From the Advertisement Section of Ackermann’s, December 1813–Christmas gift ideas for Young Persons:
The History of Cinderella, Or, the Little Glass Slipper – elegantly versified and beautifully illustrated with Figures which dress and undress.
Images of this book and the paper dolls are best viewed at Jane Austen World here.
According to the University of North Texas Rare Library collection commentary, novelty books like these were rather expensive for the time. The Cinderella offering was 6 shillings and 6 pence. One imagines the book was a must-have item for a nursery library of the ton.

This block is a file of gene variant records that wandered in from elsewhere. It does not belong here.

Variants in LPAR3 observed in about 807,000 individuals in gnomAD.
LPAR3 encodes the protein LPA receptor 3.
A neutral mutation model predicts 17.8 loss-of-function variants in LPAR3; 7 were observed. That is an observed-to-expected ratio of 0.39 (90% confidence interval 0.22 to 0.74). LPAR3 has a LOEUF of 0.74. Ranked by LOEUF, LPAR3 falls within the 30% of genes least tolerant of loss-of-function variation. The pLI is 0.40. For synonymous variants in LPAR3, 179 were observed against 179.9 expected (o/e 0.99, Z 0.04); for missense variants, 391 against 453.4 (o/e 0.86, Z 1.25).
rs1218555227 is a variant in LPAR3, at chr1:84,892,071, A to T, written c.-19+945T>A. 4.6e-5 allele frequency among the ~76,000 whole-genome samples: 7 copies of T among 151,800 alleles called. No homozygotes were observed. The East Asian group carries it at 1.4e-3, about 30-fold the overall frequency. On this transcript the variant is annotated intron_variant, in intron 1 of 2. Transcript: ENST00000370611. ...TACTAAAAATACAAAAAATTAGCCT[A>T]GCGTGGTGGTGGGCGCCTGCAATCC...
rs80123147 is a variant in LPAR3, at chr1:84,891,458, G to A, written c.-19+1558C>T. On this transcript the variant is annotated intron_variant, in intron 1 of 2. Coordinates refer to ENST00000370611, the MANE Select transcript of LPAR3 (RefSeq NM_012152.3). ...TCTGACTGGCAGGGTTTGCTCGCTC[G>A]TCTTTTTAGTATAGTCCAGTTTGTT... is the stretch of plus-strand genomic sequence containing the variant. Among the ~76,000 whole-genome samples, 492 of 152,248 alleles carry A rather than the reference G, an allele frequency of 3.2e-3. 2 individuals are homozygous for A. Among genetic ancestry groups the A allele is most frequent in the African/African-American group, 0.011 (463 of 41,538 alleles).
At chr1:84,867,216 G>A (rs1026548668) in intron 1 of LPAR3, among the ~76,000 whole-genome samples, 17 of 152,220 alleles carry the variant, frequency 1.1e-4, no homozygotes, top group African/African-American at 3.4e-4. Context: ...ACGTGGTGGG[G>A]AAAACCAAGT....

S and J Fuller, the publishers of Cinderella and other novelty books, printed the stories in verse. As the story progressed, the child changed the doll-character’s attire to match the scene. The doll itself was only the head and neck–a tab below the neck slid into a corresponding slot on the outfit.
Cinderella joined a wide variety of books published by Fuller including Little Ellen, or Naughty (!) Girl Redeemed; Frank Feignwell’s Attempts to Amuse his Friends; Laurette, or the Little Savoyard; and Metastases, or Transformation of Cards “a pleasing or laughable amusement.”